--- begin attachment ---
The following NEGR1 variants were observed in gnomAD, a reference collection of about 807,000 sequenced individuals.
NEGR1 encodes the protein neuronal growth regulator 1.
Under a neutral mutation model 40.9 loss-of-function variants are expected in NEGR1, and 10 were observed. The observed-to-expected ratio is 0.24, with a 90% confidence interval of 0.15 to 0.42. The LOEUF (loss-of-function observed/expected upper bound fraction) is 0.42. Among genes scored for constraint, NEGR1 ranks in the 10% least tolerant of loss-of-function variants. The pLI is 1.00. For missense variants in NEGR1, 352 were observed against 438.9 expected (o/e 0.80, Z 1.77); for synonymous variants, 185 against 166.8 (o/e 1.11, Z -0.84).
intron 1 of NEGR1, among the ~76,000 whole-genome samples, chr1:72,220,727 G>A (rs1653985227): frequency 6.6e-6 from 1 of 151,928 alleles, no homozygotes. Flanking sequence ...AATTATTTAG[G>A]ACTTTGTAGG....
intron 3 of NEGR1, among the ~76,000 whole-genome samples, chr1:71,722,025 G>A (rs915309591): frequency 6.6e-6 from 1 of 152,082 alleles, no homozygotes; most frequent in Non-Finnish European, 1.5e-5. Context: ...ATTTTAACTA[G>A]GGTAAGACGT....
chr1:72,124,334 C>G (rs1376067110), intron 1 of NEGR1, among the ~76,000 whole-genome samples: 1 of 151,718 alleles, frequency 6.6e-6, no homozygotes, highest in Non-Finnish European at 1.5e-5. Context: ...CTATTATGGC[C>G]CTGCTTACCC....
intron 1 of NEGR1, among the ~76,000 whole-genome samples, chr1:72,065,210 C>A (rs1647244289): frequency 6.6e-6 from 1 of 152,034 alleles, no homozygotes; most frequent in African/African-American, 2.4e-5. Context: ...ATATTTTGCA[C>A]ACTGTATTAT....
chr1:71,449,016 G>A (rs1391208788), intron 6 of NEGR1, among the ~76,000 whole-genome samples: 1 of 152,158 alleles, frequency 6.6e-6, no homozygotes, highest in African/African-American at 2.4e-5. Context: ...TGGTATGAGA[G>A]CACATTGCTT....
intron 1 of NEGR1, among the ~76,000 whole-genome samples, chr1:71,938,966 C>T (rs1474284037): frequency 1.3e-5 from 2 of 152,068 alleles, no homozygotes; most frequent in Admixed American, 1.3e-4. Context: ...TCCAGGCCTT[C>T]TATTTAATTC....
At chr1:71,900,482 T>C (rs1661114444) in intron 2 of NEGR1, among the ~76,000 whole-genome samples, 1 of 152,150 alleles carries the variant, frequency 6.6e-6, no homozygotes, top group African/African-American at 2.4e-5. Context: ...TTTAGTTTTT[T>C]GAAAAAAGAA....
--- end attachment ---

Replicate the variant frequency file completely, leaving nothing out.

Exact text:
The following NEGR1 variants were observed in gnomAD, a reference collection of about 807,000 sequenced individuals.
NEGR1 encodes the protein neuronal growth regulator 1.
Under a neutral mutation model 40.9 loss-of-function variants are expected in NEGR1, and 10 were observed. The observed-to-expected ratio is 0.24, with a 90% confidence interval of 0.15 to 0.42. The LOEUF (loss-of-function observed/expected upper bound fraction) is 0.42. Among genes scored for constraint, NEGR1 ranks in the 10% least tolerant of loss-of-function variants. The pLI is 1.00. For missense variants in NEGR1, 352 were observed against 438.9 expected (o/e 0.80, Z 1.77); for synonymous variants, 185 against 166.8 (o/e 1.11, Z -0.84).
intron 1 of NEGR1, among the ~76,000 whole-genome samples, chr1:72,220,727 G>A (rs1653985227): frequency 6.6e-6 from 1 of 151,928 alleles, no homozygotes. Flanking sequence ...AATTATTTAG[G>A]ACTTTGTAGG....
intron 3 of NEGR1, among the ~76,000 whole-genome samples, chr1:71,722,025 G>A (rs915309591): frequency 6.6e-6 from 1 of 152,082 alleles, no homozygotes; most frequent in Non-Finnish European, 1.5e-5. Context: ...ATTTTAACTA[G>A]GGTAAGACGT....
chr1:72,124,334 C>G (rs1376067110), intron 1 of NEGR1, among the ~76,000 whole-genome samples: 1 of 151,718 alleles, frequency 6.6e-6, no homozygotes, highest in Non-Finnish European at 1.5e-5. Context: ...CTATTATGGC[C>G]CTGCTTACCC....
intron 1 of NEGR1, among the ~76,000 whole-genome samples, chr1:72,065,210 C>A (rs1647244289): frequency 6.6e-6 from 1 of 152,034 alleles, no homozygotes; most frequent in African/African-American, 2.4e-5. Context: ...ATATTTTGCA[C>A]ACTGTATTAT....
chr1:71,449,016 G>A (rs1391208788), intron 6 of NEGR1, among the ~76,000 whole-genome samples: 1 of 152,158 alleles, frequency 6.6e-6, no homozygotes, highest in African/African-American at 2.4e-5. Context: ...TGGTATGAGA[G>A]CACATTGCTT....
intron 1 of NEGR1, among the ~76,000 whole-genome samples, chr1:71,938,966 C>T (rs1474284037): frequency 1.3e-5 from 2 of 152,068 alleles, no homozygotes; most frequent in Admixed American, 1.3e-4. Context: ...TCCAGGCCTT[C>T]TATTTAATTC....
At chr1:71,900,482 T>C (rs1661114444) in intron 2 of NEGR1, among the ~76,000 whole-genome samples, 1 of 152,150 alleles carries the variant, frequency 6.6e-6, no homozygotes, top group African/African-American at 2.4e-5. Context: ...TTTAGTTTTT[T>C]GAAAAAAGAA....